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Black and White Print Pixels

Guest
Oct 23, 2021 Oct 23, 2021

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Do you think low resolution black and white printed images would make bad pixelation a little less more noticeable. Obviously the number of pixelation would be the same with the color version.

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correct answers 1 Correct answer

Adobe Community Professional , Oct 23, 2021 Oct 23, 2021
Depending on the printing process the image pixels will normally be obscured by the output screening—usually halftone screens for offset printing or stochastic screening for inkjet. A color offset print would be made with 4 halftone screens at different angles, so the visible output would be a rosette pattern, while black & white output would be a single screen usually at 45 degrees, so the visual appearance would be somewhat different: 300ppi at 150lpi halftone 72ppi at  150lpi halft...

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Adobe Community Professional ,
Oct 23, 2021 Oct 23, 2021

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@Deleted User wrote:

Do you think...


 

Without seeing the two images, my instinct is to think that bad pixelization will be noticeable in both color and black & white.

 

~ Jane

 

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Adobe Community Professional ,
Oct 23, 2021 Oct 23, 2021

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Resolution is just a printer setting, PPI is pixels per inch it set the size the printed prints your pixels. The quality of an image depends on the quality of the pixels you have and the quantity of the pixels you have.  You need a lot of pixels if you want a highly detailed image.  These pixels need to be high quality pixels you get from a good sensor  with a properly focus high quality lens with  sufficient light for a  good exposure.  You can not manufacture high quality Pixels by resampling an image you have few pixels for so you have a lager higher quality image.   You can not crop a eye from a portrait image, resample it up in size and expect to see a highly detailed image of the reflected image of what the eye was seeing viewing. I can see she was looking at her brother and the were trees in the background however the image quality is not there. There are too few high quality pixels.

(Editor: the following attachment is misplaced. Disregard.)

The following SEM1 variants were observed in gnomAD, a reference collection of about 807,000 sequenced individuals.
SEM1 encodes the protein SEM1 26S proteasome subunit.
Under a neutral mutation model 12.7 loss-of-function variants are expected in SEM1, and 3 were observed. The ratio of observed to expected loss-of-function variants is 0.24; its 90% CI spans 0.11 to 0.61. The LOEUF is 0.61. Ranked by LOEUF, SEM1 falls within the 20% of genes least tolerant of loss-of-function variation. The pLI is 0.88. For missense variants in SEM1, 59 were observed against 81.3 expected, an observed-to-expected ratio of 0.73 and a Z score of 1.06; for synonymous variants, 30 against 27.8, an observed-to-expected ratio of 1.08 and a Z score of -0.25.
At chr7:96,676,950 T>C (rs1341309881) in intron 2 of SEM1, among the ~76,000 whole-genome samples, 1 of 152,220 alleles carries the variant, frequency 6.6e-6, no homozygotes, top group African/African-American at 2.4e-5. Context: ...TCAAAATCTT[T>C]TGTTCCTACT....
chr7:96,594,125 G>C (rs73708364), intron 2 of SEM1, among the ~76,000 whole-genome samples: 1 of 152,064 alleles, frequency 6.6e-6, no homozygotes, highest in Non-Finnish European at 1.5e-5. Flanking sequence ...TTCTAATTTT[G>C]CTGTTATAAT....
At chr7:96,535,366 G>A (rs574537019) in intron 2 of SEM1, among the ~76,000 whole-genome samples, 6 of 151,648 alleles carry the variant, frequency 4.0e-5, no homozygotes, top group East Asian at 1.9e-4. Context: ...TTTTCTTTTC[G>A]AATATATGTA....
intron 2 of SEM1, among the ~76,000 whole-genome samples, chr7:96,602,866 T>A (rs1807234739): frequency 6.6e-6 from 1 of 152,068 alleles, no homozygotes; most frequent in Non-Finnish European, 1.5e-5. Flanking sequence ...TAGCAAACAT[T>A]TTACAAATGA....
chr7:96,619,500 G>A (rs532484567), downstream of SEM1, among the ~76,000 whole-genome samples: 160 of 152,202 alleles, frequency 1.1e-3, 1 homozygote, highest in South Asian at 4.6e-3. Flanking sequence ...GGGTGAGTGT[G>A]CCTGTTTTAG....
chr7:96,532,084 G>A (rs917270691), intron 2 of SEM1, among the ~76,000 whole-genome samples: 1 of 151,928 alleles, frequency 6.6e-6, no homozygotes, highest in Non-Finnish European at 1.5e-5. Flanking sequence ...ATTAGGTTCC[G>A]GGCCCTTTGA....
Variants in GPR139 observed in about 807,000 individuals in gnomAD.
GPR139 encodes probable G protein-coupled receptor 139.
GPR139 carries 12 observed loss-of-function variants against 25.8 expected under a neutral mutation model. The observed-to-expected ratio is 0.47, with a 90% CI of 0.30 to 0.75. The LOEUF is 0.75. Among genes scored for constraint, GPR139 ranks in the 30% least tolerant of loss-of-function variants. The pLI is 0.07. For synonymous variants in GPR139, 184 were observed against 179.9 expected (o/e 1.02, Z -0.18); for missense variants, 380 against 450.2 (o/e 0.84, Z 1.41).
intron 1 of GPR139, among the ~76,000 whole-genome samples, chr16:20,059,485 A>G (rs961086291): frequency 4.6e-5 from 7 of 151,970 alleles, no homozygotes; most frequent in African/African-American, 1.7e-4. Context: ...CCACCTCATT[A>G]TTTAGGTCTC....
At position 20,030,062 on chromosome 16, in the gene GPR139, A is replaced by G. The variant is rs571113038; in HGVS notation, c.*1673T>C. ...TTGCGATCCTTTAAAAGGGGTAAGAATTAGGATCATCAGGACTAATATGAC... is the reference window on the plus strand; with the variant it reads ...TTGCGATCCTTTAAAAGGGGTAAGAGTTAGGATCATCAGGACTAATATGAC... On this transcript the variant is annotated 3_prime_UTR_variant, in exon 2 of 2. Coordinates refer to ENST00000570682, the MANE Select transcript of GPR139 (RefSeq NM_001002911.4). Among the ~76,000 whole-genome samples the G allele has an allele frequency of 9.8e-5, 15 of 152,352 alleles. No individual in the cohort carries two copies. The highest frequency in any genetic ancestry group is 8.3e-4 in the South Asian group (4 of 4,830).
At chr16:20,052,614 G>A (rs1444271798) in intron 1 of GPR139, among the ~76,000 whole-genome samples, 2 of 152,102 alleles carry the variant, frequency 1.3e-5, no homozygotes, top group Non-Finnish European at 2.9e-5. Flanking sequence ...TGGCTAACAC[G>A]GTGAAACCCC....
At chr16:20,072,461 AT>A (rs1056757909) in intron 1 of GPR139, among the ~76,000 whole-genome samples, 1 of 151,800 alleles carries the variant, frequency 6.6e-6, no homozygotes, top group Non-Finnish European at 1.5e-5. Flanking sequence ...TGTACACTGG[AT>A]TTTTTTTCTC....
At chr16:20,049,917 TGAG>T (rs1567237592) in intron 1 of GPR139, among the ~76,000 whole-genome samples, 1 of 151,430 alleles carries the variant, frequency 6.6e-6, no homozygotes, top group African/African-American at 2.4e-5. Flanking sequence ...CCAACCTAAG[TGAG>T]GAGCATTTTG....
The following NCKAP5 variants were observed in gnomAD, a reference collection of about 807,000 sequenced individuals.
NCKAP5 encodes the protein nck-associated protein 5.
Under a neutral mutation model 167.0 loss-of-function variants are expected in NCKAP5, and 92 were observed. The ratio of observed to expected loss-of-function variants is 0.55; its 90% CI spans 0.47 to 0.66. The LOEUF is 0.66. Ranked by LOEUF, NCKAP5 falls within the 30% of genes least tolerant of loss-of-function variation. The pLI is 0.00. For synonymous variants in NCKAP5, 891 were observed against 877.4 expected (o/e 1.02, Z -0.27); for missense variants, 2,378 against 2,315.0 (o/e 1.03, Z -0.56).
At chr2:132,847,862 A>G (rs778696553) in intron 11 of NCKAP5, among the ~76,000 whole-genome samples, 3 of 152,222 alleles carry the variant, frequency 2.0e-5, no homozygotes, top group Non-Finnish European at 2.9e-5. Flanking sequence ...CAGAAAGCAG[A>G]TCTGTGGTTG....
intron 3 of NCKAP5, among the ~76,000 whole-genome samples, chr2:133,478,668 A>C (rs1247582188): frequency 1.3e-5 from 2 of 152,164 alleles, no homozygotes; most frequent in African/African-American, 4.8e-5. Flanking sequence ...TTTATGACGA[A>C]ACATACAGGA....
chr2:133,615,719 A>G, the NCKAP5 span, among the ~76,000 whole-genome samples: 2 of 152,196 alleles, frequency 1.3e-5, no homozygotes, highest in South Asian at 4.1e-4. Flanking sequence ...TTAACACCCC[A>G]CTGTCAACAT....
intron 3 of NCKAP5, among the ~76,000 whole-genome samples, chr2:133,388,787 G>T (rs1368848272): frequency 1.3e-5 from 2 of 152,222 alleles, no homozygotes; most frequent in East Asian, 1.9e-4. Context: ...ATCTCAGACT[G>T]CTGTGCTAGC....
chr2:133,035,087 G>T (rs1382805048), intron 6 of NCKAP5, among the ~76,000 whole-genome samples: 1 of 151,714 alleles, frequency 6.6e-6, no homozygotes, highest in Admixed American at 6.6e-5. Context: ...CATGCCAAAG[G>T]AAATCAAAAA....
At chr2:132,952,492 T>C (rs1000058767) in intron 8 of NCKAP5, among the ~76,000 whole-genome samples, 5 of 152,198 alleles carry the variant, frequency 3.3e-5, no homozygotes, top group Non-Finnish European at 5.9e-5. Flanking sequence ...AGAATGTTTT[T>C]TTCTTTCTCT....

Capture.jpg

You loose image quality if you resample.  Up or Down you either through away details you have or makeup details you do not have.

 

JJMack

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Adobe Community Professional ,
Oct 23, 2021 Oct 23, 2021

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Depending on the printing process the image pixels will normally be obscured by the output screening—usually halftone screens for offset printing or stochastic screening for inkjet.

 

A color offset print would be made with 4 halftone screens at different angles, so the visible output would be a rosette pattern, while black & white output would be a single screen usually at 45 degrees, so the visual appearance would be somewhat different:

 

300ppi at 150lpi halftone

 

Screen Shot 3.png

 

 

72ppi at  150lpi halftone:

 

 

Screen Shot 4.png

 

 

 

 

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Guest
Oct 23, 2021 Oct 23, 2021

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Thank you. After researching the terms you described and with your help I have a lot better understanding. Thanks again Rob.

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